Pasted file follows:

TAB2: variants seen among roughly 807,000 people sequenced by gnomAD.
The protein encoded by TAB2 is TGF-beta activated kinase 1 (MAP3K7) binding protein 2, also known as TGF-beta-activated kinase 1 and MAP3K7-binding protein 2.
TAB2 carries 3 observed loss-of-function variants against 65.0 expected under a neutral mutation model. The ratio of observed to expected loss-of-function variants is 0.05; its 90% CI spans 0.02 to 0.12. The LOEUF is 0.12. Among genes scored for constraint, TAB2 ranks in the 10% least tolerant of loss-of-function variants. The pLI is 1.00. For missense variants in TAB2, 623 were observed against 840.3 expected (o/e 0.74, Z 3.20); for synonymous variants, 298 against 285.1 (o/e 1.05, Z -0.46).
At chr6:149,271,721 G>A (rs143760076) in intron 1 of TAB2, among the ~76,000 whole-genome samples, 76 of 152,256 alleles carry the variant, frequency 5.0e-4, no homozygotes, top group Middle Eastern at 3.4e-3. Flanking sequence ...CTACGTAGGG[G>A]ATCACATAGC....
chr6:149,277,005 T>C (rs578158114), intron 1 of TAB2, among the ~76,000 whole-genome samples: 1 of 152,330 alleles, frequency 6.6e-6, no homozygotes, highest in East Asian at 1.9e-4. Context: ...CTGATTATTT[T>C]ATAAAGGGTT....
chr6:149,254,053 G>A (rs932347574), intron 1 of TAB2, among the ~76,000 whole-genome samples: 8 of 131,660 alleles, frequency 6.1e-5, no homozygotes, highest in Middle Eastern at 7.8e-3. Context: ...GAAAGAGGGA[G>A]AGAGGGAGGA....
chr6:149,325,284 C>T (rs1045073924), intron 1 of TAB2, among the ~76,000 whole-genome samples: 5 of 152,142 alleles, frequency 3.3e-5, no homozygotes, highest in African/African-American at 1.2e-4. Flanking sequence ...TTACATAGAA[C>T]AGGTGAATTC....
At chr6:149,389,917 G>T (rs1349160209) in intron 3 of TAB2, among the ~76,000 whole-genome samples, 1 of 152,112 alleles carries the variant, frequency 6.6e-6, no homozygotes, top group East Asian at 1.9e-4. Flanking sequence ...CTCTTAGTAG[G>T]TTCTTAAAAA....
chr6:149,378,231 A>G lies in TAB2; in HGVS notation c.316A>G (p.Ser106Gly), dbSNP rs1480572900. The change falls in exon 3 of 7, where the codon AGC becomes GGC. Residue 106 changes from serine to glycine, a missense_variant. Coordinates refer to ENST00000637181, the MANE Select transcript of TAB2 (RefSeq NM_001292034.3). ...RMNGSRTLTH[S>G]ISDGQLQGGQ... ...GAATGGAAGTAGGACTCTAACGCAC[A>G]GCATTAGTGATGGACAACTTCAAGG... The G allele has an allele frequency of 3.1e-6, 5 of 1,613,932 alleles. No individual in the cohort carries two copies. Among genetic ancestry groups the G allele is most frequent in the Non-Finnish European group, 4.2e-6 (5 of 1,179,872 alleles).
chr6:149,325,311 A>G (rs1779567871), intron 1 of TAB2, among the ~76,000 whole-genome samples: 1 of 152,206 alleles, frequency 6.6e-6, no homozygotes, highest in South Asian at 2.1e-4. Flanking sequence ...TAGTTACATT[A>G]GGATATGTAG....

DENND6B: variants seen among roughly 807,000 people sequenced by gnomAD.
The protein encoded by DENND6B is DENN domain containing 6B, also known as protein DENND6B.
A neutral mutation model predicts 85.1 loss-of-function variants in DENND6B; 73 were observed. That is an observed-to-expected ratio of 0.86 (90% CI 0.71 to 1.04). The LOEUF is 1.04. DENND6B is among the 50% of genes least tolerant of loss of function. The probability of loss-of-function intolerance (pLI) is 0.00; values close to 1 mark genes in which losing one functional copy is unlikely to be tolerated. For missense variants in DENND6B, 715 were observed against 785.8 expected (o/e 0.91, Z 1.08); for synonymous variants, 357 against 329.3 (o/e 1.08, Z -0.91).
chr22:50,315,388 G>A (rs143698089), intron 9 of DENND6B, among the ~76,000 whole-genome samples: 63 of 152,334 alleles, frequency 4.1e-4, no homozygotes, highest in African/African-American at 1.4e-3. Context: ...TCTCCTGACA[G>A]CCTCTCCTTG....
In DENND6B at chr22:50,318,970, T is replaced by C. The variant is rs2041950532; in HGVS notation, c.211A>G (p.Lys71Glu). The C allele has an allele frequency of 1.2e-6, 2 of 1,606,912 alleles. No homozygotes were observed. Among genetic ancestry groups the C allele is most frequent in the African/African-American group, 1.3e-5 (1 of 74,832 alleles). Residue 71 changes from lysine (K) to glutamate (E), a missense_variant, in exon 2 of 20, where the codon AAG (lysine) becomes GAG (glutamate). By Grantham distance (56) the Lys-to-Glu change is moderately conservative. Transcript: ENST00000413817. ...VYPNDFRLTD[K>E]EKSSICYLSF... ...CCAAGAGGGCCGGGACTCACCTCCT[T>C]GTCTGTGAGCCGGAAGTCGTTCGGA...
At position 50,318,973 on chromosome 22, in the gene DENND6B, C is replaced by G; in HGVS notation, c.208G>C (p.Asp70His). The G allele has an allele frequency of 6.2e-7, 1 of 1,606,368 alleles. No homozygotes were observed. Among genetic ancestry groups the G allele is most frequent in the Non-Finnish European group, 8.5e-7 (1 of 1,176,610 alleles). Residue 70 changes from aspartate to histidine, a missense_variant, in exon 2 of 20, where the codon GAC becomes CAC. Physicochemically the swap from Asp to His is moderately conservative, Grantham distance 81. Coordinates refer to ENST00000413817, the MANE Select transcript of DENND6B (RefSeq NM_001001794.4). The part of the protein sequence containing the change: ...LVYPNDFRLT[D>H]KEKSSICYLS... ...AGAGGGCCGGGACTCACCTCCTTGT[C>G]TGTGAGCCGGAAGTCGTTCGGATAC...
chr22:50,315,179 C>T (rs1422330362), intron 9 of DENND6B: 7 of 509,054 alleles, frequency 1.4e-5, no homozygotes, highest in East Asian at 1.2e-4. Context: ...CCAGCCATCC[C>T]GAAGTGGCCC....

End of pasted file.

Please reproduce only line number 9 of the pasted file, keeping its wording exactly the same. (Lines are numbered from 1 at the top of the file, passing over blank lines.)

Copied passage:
chr6:149,378,231 A>G lies in TAB2; in HGVS notation c.316A>G (p.Ser106Gly), dbSNP rs1480572900. The change falls in exon 3 of 7, where the codon AGC becomes GGC. Residue 106 changes from serine to glycine, a missense_variant. Coordinates refer to ENST00000637181, the MANE Select transcript of TAB2 (RefSeq NM_001292034.3). ...RMNGSRTLTH[S>G]ISDGQLQGGQ... ...GAATGGAAGTAGGACTCTAACGCAC[A>G]GCATTAGTGATGGACAACTTCAAGG... The G allele has an allele frequency of 3.1e-6, 5 of 1,613,932 alleles. No individual in the cohort carries two copies. Among genetic ancestry groups the G allele is most frequent in the Non-Finnish European group, 4.2e-6 (5 of 1,179,872 alleles).